Free Weekly Newsletter
June 11, 2021
I am pleased to tell you the July-August issue is finished, currently being proofed and finalized, and will be mailed on schedule on June 15th! If you haven’t ordered a print copy yet, there’s still time to have yours sent with the first mailing, just click the link below. Articles will be emailed to paid subscribers of this newsletter starting July 1st.
In this issue: • Dispatching the Army to Alaska • The Clay Street Cemetery • Alaska Nellie, Peerless Alaska Railroad Hostess • Ivan Petroff’s 1880 Report on Alaska • Jujiro Wada, The Samurai Musher • USGS Topographer-in-Charge, R. Harvey Sargent • 1926-1929 U.S. Navy Aerial Alaskan Survey •
Alaska Mining Hall of Fame
A valuable resource for researching early prospectors, miners, and others involved with the mineral wealth of Alaska is the Alaska Mining Hall of Fame. Their Mission Statement: The Alaska Mining Hall of Fame Foundation, Inc. was founded to honor outstanding individuals that have played important roles in the development of Alaska's mineral industry. These mining pioneers include a wide variety of individuals active since the mid-19th Century, including prospectors, miners, mine entrepreneurs, professional geologists and engineers, educators, government employees, aviators and even those in the legal profession. These individuals must be known, understood, and appreciated for their contributions to the development of the Territory and subsequently State of Alaska. The AMHF interprets and disseminates knowledge concerning the lives of the AMHF inductees, and encourages others in historical fields to gather additional biographical information. The AMHF believes that honoring those mining pioneers helps tell the story of mineral resource development in Alaska as well as providing a better understanding of other important events in Alaska's history. Since 1997, more than ninety pioneers have been inducted into the AMHF. Because many qualify for induction into the organization, the board determined that, at least for now, AMHF inductees must be deceased for at least two years in order to be eligible for the AMHF.
• Books from Northern Light Media include The Alaska Railroad 1902-1923, Alaskan Roadhouses, The Matanuska Colony Barns, The First Iditarod, Alaska & The Klondike, Camping and Trailing in Alaska (1909), The 1935 Matanuska Colony Project, and many more! Check them out at this link:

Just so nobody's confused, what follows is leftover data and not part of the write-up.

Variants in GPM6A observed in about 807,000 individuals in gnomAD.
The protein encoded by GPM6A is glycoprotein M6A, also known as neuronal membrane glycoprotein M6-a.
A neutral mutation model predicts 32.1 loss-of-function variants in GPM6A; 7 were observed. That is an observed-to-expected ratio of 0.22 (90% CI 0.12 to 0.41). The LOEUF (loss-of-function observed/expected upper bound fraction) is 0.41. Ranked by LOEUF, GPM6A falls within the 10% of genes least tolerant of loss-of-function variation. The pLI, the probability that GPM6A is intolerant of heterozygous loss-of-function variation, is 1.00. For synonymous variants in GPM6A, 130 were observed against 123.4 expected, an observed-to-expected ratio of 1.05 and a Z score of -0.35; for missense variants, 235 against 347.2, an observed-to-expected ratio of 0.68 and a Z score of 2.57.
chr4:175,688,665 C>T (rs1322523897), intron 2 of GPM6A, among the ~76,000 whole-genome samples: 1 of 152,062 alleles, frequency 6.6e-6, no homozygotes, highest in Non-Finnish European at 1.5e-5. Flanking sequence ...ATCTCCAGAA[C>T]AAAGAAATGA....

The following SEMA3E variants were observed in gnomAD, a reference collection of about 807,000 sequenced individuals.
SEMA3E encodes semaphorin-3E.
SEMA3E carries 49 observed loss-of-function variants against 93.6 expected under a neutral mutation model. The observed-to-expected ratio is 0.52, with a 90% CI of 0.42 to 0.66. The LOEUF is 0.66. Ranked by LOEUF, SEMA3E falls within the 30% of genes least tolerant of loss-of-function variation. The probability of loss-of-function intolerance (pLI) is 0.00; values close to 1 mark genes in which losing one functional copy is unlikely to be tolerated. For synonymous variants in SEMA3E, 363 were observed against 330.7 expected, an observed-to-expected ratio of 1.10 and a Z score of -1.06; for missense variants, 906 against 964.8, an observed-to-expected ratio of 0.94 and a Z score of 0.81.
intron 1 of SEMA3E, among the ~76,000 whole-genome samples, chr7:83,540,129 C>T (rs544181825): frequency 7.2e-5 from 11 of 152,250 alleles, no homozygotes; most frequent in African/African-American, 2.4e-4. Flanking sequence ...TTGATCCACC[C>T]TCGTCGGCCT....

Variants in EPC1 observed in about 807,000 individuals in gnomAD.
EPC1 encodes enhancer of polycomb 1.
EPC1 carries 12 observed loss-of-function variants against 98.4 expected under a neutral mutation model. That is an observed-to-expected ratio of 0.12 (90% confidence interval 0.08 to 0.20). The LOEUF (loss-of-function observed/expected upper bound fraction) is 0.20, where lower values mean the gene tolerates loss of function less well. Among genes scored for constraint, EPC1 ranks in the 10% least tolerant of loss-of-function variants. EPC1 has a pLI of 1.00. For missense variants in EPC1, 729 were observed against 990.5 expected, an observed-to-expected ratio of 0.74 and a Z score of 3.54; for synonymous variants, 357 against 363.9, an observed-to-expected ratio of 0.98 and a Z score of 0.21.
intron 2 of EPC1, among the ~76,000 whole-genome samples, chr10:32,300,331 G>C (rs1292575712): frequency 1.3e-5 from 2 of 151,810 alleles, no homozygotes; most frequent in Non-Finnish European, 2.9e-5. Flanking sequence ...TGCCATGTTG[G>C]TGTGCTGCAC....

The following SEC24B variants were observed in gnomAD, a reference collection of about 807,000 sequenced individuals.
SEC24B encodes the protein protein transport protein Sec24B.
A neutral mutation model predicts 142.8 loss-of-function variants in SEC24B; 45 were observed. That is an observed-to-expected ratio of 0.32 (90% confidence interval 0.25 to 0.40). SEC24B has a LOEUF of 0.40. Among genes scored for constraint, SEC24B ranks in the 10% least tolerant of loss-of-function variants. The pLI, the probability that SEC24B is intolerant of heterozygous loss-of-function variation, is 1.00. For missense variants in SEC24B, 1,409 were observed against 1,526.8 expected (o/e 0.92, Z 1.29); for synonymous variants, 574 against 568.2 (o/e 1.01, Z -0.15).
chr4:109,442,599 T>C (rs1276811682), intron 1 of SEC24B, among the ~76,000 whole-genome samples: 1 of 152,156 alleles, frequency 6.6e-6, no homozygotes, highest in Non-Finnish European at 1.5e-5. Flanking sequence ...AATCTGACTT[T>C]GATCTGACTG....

Alaskan History Magazine is published by Northern Light Media, and book sales support the continuing publication of the magazine.
Carrie M. McLain Memorial Museum, Nome
The Carrie M. McLain Memorial Museum in Nome, dedicated to collecting, preserving, and sharing the culture, history, and artistry of Nome and the Bering Strait, reopened in the new Richard Foster Building in October 2016. The environmentally-controlled Museum comprises a collections storage area, conservation, and object preparation lab, visiting research room, and two exhibit galleries. Learn more here.
Free book excerpts are posted to the newsletter site and emailed to both free and paid subscribers almost every week. Titles online now include The Beautiful Matanuska Valley, A Dog Puncher on the Yukon, A Woman Who Went to Alaska, Long Hard Trails and Sled Dog Tales, The Tanana Valley Railroad, The History of Seward, and The Land of Tomorrow. If you missed one they’re all still free to read at the newsletter site.
Hudson Stuck’s Sled Bag
The Episcopalian minister Hudson Stuck, known as the Archdeacon of the Yukon, published five books about his travels and adventures in Alaska, including Ten Thousand Miles with a Dog Sled, published in 1914. In that book the photograph below appears, and a sled bag can be seen hanging from the handlebars. That sled bag is on permanent display at the University of Alaska Museum of the North in Fairbanks.
Originally posted to Northern Light Media, August 5, 2020.
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Thanks for reading, see you next week!
Helen Hegener, publisher
Northern Light Media